Actuarial Outpost SOA Sample Question #309
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#1
07-15-2018, 07:58 AM
 Mitsu96 Member Non-Actuary Join Date: Jan 2017 Location: Pennsylvania Studying for IFM Posts: 69
SOA Sample Question #309

Hello everyone,

I am struggling with this question (SOA 309):

The solution provided by SOA states that X and Y are the two coordinates of a resident. Thus, the distance to the origin is X + Y, following which the E[X + Y] is calculated. While, I understand how to calculate E[X + Y], I can't understand why or how X and Y are the coordinates of a resident and the distance to the origin is X + Y??
#2
07-15-2018, 08:31 AM
 Gandalf Site Supporter Site Supporter SOA Join Date: Nov 2001 Location: Middle Earth Posts: 31,179

You need to be more specific about what you don't understand by saying what you do understand or what conclusions you are drawing from the given information.

"Two sides of the square (of side 1) are on the positive axes". From that, you should conclude that coordinates of the square's corner on the x-axis are (x,0) and (x+1,0) for some value of x. Since it is a square (of side 1), the other two coordinates must be at (x,1) and (x+1,1) [or conceivably (x, -1) and (x+1, -1)]

Similarly, you should conclude that coordinates of the square on the y-axis are (0, y) and (0,y+1) for some value of y). Since it is a square (of side 1), the other two coordinates must be at (1,y) and (1,y+1) [or conceivably (-1, y) and (-1, y+1)]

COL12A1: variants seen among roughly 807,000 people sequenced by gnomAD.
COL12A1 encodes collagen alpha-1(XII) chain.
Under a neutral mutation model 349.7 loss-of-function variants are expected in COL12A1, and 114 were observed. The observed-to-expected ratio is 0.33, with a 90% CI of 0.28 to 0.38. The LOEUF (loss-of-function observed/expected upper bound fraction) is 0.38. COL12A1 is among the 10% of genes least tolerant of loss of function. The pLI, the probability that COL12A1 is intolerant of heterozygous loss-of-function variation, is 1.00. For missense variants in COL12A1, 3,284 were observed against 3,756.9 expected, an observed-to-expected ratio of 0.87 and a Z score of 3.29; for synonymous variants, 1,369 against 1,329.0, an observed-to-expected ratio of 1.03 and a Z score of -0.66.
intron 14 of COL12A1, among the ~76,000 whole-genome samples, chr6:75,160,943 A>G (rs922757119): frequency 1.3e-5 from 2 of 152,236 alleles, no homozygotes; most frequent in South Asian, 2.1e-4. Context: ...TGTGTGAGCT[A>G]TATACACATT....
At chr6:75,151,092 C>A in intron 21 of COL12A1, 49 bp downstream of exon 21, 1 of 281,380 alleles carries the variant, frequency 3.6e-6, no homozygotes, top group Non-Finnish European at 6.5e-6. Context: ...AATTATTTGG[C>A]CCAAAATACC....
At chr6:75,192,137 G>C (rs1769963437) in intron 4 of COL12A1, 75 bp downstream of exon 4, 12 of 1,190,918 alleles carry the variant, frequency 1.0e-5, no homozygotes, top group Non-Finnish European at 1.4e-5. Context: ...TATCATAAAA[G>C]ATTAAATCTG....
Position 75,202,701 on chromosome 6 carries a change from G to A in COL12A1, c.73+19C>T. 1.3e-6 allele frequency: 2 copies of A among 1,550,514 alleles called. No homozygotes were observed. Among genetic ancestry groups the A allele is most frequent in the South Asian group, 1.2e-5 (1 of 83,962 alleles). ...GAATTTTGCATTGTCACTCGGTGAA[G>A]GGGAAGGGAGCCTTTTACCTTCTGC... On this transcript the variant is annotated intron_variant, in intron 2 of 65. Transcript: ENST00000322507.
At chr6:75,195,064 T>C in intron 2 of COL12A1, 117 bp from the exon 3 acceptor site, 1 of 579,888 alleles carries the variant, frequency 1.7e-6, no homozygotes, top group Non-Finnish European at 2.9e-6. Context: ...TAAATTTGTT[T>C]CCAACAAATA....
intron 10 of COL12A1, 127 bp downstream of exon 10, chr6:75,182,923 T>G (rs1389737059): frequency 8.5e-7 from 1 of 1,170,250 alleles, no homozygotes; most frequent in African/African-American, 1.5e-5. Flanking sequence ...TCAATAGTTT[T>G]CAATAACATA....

But there are only 4 corners, so both descriptions must match the same 4 corners. Can you come up with any combination that works besides (0,0), (0,1), (1,0), (1,1)?

[You should reach that conclusion much easier from the density function, which is clearly nonzero only on that particular square, plus the location of the city hall, which presumably is going to be within the square. You might have expected that the city hall would be at the center, but the density function makes that unreasonable.]

If he can travel only on segments parallel to the axes, the it should be obvious that the shortest travel distance from (x,y) to (0,0) is x+y. [It would be pretty far-fetched to argue that an actual resident might not take the shortest route; for example going from (x,y) to (x,1), then to (0,1), then to (0,0).] There are many variations of the shortest route, for example (x,y) to (.5x,y) to (.5x,.3y) to (0,.3y), to (0,0), but all those variations have length x=y.
#3
07-15-2018, 10:45 AM
 Michael Mastroianni Member SOA Join Date: Jan 2018 Posts: 35

Perhaps this picture will help:
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Michael Mastroianni, ASA
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#4
07-15-2018, 11:07 AM
 Academic Actuary Member Join Date: Sep 2009 Posts: 8,578

This distance measure is sometimes referred to as the Manhattan metric. If you are on a grid and can only move parallel to the axes your distance from a point (x,y), to a point (xo,yo) is |x - xo| + |y-yo|. The technical name is the L1 norm while the traditional straight line distance where you square the differences and take the square root is the Euclidian distance or L2 norm.

 Tags expectation, joint distribution